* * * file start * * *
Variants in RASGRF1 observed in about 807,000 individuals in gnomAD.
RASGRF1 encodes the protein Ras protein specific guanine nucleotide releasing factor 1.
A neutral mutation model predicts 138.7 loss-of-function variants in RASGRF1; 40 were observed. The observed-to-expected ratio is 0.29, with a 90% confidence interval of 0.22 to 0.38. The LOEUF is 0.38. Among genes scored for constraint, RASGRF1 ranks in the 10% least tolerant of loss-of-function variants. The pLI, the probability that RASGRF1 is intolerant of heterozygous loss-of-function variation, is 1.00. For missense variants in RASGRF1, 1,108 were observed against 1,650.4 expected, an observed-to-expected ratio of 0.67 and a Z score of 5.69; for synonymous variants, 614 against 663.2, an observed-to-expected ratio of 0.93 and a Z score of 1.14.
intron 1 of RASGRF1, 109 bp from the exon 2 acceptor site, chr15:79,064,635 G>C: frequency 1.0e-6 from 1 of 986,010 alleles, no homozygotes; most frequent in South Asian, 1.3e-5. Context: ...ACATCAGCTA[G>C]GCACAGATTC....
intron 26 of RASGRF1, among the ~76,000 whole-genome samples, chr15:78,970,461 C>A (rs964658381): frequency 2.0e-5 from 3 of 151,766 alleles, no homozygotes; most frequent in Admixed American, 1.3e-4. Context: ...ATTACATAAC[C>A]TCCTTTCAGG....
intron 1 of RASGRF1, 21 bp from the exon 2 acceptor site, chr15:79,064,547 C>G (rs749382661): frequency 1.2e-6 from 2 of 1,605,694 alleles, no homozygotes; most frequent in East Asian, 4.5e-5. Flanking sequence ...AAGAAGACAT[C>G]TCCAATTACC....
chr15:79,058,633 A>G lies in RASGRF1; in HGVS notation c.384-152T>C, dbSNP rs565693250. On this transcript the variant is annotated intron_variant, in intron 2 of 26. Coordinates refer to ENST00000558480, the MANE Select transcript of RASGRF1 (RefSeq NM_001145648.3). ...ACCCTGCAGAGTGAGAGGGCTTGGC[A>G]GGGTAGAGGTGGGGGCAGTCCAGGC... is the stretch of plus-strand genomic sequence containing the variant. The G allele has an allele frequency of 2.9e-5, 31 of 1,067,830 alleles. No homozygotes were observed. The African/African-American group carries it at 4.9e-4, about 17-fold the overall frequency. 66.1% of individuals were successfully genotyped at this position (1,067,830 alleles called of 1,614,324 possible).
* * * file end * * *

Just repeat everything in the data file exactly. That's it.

Variants in RASGRF1 observed in about 807,000 individuals in gnomAD.
RASGRF1 encodes the protein Ras protein specific guanine nucleotide releasing factor 1.
A neutral mutation model predicts 138.7 loss-of-function variants in RASGRF1; 40 were observed. The observed-to-expected ratio is 0.29, with a 90% confidence interval of 0.22 to 0.38. The LOEUF is 0.38. Among genes scored for constraint, RASGRF1 ranks in the 10% least tolerant of loss-of-function variants. The pLI, the probability that RASGRF1 is intolerant of heterozygous loss-of-function variation, is 1.00. For missense variants in RASGRF1, 1,108 were observed against 1,650.4 expected, an observed-to-expected ratio of 0.67 and a Z score of 5.69; for synonymous variants, 614 against 663.2, an observed-to-expected ratio of 0.93 and a Z score of 1.14.
intron 1 of RASGRF1, 109 bp from the exon 2 acceptor site, chr15:79,064,635 G>C: frequency 1.0e-6 from 1 of 986,010 alleles, no homozygotes; most frequent in South Asian, 1.3e-5. Context: ...ACATCAGCTA[G>C]GCACAGATTC....
intron 26 of RASGRF1, among the ~76,000 whole-genome samples, chr15:78,970,461 C>A (rs964658381): frequency 2.0e-5 from 3 of 151,766 alleles, no homozygotes; most frequent in Admixed American, 1.3e-4. Context: ...ATTACATAAC[C>A]TCCTTTCAGG....
intron 1 of RASGRF1, 21 bp from the exon 2 acceptor site, chr15:79,064,547 C>G (rs749382661): frequency 1.2e-6 from 2 of 1,605,694 alleles, no homozygotes; most frequent in East Asian, 4.5e-5. Flanking sequence ...AAGAAGACAT[C>G]TCCAATTACC....
chr15:79,058,633 A>G lies in RASGRF1; in HGVS notation c.384-152T>C, dbSNP rs565693250. On this transcript the variant is annotated intron_variant, in intron 2 of 26. Coordinates refer to ENST00000558480, the MANE Select transcript of RASGRF1 (RefSeq NM_001145648.3). ...ACCCTGCAGAGTGAGAGGGCTTGGC[A>G]GGGTAGAGGTGGGGGCAGTCCAGGC... is the stretch of plus-strand genomic sequence containing the variant. The G allele has an allele frequency of 2.9e-5, 31 of 1,067,830 alleles. No homozygotes were observed. The African/African-American group carries it at 4.9e-4, about 17-fold the overall frequency. 66.1% of individuals were successfully genotyped at this position (1,067,830 alleles called of 1,614,324 possible).